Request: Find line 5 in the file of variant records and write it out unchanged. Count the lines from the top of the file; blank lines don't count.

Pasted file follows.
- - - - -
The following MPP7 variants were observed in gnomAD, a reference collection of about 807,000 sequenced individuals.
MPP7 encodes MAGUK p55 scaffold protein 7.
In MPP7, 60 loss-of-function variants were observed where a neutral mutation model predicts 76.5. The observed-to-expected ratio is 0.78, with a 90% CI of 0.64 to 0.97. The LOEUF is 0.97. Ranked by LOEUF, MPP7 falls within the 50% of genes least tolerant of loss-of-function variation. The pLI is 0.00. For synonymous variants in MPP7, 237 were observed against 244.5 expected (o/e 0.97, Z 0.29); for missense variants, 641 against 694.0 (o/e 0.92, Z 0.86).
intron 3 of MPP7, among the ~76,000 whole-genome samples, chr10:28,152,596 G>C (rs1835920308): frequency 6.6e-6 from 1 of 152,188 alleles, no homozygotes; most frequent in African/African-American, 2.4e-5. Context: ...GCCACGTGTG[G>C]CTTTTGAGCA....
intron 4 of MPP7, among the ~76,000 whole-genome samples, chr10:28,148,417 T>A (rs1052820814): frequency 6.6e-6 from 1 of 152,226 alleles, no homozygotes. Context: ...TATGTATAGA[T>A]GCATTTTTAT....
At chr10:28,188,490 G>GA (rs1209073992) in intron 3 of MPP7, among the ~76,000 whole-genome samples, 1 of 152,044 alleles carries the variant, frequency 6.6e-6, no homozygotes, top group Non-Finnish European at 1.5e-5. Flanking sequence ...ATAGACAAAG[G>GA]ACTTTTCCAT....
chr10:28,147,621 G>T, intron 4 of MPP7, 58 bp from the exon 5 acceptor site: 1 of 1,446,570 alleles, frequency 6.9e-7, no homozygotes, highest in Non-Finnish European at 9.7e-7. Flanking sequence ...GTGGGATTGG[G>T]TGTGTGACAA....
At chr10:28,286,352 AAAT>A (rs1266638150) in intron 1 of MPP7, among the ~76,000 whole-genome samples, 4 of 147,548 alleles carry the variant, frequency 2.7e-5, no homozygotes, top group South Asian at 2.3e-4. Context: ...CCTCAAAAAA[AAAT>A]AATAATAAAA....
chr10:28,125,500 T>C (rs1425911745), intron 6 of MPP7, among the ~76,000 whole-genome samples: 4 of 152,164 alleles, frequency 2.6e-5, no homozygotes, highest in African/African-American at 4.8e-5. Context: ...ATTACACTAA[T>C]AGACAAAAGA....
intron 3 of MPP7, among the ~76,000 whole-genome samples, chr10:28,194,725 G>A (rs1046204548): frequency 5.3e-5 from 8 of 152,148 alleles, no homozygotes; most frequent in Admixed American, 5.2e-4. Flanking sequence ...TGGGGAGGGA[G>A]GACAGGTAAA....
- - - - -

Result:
intron 4 of MPP7, among the ~76,000 whole-genome samples, chr10:28,148,417 T>A (rs1052820814): frequency 6.6e-6 from 1 of 152,226 alleles, no homozygotes. Context: ...TATGTATAGA[T>A]GCATTTTTAT....